Many years ago, while I was working in an editorial office, a report arrived from Israel about the desecration of some Jewish graves outside Tel Aviv. Of course, it was called an anti-Semitic attack, and an accusing finger was predictably pointed at the local Palestinians. But without even reading the report, I casually remarked that the culprits were probably Jews.
On overhearing my comment, one of my fellow journalists exploded in anger, saying he had never, in his whole life, heard anything so stupid. I was a bit taken aback, but let the matter pass. After all, I had no evidence to support my suspicion.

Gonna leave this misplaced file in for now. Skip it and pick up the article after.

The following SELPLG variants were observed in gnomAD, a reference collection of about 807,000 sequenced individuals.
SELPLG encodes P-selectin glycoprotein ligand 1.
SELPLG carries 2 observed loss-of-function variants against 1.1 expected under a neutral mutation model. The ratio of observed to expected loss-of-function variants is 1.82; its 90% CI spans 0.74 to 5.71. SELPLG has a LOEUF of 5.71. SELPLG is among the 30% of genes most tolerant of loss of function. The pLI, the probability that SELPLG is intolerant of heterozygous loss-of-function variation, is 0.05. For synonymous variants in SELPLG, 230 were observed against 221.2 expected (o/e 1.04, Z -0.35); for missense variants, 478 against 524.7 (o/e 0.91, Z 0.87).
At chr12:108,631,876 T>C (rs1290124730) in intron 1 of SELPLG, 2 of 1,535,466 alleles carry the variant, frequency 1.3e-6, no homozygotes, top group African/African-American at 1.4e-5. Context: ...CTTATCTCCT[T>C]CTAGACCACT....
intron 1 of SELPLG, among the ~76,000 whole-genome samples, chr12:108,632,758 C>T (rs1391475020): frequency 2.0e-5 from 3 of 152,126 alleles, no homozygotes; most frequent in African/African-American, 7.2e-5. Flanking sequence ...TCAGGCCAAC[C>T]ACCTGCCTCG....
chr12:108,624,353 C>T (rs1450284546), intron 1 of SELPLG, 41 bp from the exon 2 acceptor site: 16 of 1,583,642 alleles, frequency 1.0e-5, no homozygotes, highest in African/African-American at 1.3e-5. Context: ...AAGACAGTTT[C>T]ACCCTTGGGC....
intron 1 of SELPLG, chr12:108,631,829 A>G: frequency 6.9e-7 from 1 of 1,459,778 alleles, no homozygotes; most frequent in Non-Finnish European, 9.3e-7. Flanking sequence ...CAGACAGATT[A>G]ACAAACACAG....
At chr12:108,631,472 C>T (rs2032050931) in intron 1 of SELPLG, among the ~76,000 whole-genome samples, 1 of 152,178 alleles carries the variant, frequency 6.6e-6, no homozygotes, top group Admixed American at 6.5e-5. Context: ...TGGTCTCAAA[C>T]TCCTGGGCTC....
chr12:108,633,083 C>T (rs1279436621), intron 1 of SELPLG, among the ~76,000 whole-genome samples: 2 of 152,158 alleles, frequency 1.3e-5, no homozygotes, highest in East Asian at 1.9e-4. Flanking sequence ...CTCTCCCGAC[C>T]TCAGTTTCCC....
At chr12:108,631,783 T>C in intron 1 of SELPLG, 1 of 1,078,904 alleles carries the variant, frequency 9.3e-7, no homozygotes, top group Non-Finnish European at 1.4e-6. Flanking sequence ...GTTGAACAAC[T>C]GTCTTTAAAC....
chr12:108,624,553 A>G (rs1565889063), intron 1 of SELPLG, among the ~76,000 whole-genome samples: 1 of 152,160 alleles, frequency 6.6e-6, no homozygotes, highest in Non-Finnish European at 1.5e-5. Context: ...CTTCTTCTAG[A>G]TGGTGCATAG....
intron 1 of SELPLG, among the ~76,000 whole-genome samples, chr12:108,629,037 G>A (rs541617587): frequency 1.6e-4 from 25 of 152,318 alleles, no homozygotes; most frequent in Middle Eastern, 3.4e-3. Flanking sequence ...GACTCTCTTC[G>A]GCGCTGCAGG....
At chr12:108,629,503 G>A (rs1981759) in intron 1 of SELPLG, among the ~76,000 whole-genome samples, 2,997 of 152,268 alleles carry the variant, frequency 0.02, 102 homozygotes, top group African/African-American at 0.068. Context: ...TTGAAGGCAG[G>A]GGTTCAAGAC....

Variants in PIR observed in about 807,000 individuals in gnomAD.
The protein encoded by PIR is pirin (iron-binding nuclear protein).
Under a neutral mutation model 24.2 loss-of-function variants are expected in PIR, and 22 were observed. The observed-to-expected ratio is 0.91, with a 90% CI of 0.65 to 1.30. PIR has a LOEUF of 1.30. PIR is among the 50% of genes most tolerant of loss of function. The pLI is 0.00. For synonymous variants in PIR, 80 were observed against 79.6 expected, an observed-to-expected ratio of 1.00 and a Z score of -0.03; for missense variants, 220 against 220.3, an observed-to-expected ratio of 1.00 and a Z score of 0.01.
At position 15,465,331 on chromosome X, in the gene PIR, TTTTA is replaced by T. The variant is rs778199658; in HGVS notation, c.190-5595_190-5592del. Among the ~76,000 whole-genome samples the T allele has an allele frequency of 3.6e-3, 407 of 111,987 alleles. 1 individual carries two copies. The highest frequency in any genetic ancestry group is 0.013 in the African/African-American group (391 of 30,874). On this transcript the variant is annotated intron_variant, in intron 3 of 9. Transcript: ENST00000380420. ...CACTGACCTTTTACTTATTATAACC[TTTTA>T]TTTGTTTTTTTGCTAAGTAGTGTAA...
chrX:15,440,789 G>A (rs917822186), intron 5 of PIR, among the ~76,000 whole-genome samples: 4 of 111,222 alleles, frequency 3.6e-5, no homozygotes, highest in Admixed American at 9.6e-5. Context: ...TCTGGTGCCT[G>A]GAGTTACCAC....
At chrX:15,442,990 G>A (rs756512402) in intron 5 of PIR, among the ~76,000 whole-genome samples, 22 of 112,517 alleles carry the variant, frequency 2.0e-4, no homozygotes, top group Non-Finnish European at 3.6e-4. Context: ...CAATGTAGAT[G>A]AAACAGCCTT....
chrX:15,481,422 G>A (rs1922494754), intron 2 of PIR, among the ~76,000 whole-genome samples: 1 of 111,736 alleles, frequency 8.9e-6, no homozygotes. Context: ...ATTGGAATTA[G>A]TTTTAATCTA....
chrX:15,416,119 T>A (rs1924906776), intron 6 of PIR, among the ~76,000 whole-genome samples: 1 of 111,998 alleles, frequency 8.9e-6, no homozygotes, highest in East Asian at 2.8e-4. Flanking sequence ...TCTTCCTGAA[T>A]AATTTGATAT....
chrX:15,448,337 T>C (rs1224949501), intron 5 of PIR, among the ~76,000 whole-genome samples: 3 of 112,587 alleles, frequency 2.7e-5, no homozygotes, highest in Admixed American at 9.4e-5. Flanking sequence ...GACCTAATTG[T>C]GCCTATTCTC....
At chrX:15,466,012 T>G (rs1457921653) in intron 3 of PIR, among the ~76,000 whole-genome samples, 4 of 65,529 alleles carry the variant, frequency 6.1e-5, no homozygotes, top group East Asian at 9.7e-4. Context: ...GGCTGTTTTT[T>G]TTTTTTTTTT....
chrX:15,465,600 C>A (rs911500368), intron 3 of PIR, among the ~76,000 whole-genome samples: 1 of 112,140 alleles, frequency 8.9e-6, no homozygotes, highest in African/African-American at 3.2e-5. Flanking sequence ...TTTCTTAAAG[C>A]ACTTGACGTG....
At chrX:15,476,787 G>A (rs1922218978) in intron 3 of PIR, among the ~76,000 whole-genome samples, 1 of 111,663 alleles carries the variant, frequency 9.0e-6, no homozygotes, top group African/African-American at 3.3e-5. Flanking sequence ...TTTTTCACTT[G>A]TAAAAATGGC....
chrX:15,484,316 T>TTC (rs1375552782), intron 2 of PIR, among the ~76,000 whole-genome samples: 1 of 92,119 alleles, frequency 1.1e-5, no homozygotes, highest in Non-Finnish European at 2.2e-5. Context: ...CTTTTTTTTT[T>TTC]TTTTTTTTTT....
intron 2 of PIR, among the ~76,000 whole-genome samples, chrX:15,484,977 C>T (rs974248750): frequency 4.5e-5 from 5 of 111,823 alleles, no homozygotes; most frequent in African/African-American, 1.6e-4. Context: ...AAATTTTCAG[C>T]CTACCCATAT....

I had almost forgotten about the incident when, the next day, the man came to my desk with a sheepish smile on his face, and said, "I guess I owe you an apology". A police investigation had revealed that the vandalism was, indeed, the work of some Jews, who had hoped to inflame anti-Palestinian sentiment.